I have recently bought two other Sibelius issues, and to start with I have played Night Ride and Sunrise from both of them by way of a benchmark for assessing this disc. Whether first impressions will last I have no way of telling, but while they are all I have I would award first place to this account in preference to either the Lahti SO or even the classic version by the ultra-dependable Dorati with the great LSO. There would have to be a very good reason indeed for such a ranking, and the reason is the recorded quality. The sound here is fresh and clean, and that gets the disc off to a tremendous start with the terrific opening bars of Night Ride and Sunrise. I suppose I have to add a further compliment - to the editing. Those great opening bars are followed by a further 16 and ½ minutes of great music, and I can hardly imagine a more brilliant initial impression being made. Whether Night Ride and Sunrise is even yet appreciated for the great work it is, indeed whether it is even performed much, I do not know; but placed like this, and played like this, it has a real chance of its stature being more widely recognised.

One of the sets of incidental music is to Kuolema, which being interpreted is `Death'. Sounds good, wouldn't you say? It does to me, and in my own opinion it is good. The numbers we have here are two later interpolations plus two long-time favourites, the Scene with Cranes and the great Valse Triste itself. I love it to this day, and the eerie impression is created as it should be in this performance. No doubt this is an instance of music being the secondary factor, written to illustrate a scene, but the irony is that the scene it illustrates is actually a dance - i.e. a piece of music in its turn. The music to Belshazzar's Feast is not an everyday item on concert-schedules that I get to see, and the music is not the equal of what Walton produced, let alone Handel. However the two slow pieces are very effective, and all four are very well performed as usual.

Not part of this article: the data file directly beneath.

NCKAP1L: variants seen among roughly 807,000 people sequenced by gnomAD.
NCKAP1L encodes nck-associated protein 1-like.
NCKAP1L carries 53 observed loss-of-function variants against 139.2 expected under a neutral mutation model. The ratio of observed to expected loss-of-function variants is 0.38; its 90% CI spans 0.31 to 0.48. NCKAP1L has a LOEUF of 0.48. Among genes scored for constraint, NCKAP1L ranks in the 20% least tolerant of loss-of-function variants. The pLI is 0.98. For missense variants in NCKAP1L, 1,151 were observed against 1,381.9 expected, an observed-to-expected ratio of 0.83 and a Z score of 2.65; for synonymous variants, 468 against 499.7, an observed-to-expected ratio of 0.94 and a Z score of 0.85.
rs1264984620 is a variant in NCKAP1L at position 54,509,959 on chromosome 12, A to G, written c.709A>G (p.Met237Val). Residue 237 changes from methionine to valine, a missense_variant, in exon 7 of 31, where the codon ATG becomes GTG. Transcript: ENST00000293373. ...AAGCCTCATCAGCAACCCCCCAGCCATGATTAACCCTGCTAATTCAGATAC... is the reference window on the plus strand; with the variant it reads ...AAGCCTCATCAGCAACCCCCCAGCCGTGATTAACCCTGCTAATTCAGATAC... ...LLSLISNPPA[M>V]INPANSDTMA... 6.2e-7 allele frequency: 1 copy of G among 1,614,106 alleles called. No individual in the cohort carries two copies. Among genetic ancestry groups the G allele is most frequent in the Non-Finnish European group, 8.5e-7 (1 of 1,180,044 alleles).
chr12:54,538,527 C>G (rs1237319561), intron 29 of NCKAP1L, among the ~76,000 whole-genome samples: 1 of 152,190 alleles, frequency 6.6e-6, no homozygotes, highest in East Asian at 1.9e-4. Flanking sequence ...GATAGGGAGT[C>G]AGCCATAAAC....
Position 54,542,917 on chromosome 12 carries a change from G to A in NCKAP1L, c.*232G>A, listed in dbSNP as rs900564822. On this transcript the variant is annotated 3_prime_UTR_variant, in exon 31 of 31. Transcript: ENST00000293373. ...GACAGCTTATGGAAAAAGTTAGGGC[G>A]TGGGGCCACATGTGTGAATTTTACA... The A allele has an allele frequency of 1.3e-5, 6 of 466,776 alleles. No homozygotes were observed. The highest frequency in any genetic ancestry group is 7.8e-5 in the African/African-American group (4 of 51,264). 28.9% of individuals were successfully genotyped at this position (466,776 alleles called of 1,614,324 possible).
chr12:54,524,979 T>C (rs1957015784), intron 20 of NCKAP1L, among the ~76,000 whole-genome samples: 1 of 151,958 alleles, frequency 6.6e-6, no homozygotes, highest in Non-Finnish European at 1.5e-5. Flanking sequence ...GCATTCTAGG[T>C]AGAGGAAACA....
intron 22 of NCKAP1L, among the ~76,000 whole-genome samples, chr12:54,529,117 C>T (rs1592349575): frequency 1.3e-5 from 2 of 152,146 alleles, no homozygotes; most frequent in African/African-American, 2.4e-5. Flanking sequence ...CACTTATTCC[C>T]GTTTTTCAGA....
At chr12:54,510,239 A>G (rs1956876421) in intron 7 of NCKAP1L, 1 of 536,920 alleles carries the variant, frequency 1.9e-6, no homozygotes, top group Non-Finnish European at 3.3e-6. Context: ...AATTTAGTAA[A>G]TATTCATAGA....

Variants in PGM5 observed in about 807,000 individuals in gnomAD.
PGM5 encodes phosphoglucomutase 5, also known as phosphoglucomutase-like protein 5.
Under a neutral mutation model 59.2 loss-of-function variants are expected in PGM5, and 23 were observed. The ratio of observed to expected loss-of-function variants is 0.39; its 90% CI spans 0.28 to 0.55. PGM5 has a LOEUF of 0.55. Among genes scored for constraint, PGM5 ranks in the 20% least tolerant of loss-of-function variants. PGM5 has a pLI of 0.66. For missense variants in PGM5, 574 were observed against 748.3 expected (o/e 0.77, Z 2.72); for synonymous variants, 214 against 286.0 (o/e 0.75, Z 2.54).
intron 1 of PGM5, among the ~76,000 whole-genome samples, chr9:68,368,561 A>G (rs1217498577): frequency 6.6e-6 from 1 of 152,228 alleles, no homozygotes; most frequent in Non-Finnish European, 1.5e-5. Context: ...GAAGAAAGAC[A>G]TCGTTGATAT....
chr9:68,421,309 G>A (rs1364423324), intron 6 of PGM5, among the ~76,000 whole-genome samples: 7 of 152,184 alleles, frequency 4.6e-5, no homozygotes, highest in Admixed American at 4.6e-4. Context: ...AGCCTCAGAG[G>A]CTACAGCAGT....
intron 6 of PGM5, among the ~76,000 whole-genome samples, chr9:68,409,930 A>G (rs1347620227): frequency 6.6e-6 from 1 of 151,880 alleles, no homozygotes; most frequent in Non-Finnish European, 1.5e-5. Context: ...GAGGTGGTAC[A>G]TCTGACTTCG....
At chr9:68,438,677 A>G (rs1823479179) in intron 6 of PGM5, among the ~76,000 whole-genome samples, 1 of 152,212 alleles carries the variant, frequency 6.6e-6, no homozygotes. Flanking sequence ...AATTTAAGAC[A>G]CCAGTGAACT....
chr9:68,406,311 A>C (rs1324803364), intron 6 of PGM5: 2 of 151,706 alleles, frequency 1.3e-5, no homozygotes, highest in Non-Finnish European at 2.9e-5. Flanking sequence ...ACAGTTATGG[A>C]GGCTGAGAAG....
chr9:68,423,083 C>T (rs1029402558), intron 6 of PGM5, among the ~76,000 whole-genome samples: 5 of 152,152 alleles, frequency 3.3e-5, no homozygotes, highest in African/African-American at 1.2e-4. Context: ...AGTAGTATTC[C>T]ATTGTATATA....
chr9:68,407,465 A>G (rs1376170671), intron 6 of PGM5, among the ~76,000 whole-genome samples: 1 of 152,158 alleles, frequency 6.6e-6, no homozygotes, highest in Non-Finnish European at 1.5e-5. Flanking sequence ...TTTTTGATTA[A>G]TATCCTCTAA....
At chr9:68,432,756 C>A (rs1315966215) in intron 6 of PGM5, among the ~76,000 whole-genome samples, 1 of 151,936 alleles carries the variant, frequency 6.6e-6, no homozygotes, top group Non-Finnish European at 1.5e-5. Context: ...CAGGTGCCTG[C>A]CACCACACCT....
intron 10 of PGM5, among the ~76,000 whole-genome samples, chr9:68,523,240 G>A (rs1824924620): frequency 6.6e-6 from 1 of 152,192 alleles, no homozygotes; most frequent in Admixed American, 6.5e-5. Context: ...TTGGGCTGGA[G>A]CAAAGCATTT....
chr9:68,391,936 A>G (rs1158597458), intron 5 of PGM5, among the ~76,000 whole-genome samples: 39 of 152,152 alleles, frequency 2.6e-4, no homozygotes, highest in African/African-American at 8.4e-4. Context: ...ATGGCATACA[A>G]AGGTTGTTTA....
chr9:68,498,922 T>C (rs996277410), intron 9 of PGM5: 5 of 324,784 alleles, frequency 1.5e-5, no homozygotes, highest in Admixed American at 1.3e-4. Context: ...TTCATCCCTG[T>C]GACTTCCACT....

Why Sibelius produced so many 5-minute (sometimes even shorter) tone-poems I have never understood, nor does the liner note say why a couple of them are called `Dance-Intermezzo'. I had a look in Robert Layton's book on the master, but no joy there either I'm afraid. Neither Pan and Echo nor The Dryad is illustrative to any great extent, and with the rarest exceptions, notably the Valse Triste, Sibelius's `programme' music usually seems to me more a matter of music first and picturesque images afterwards than the other way about. This is what I sense strongly in Night Ride and Sunrise. If the title had never been given by the composer, who would have thought of it? The second part is not remotely suggestive of a sunrise, and although it is easy and natural to think of a long solitary ride on horseback in the first section, nothing demands such an image. It is perfectly easy to depict such a scene, witness Schubert's Erlkoenig or the way Berlioz represents the ride to the abyss. The thing can even be done with just a few notes, as in a spooky song by Mendelssohn about a ghostly castle. Sibelius's rhythm is nowhere near so literal, and where does the strange snarling knot of discords right at the start fit in?

When we find so good a performance of Night Ride and Sunrise as this is, it's worth doing some fresh thinking. Sibelius's `hints' are as confused and as confusing as those of Shostakovich are concerning the `Leningrad' symphony. On Mondays Wednesdays and Fridays it was connected with a sleigh ride, on Tuesdays and Thursdays it was suggested by or at least at the Colosseum in Rome, and at weekends it was something to do with a train journey. May I suggest - just forget the lot, title and all. And there is something else. Nothing else in this recital displays a completely unique and unmistakable musical tone and idiom which at its most awesome makes Sibelius, for me, quite the greatest composer of the 20th century. On this disc it is hurled in our faces from the first notes. From there on I carry on hearing that strange opening sequence, with its lonely and almost unaccompanied violin figuration, just as music, the music of probably the only composer who could make music in such a way. Be careful of the liner note here, incidentally. In general it is fine, but the author has swallowed too much of what he has been told in other conventional commentaries, to the extent of committing outright misrepresentation when he talks of his supposed `horse's hooves' `growing in intensity'. Just listen to it - they do nothing of the kind, and that is what makes this passage so unique and extraordinary.

Even by the high Naxos standards that I am used to, this disc is something special.
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on December 22, 2012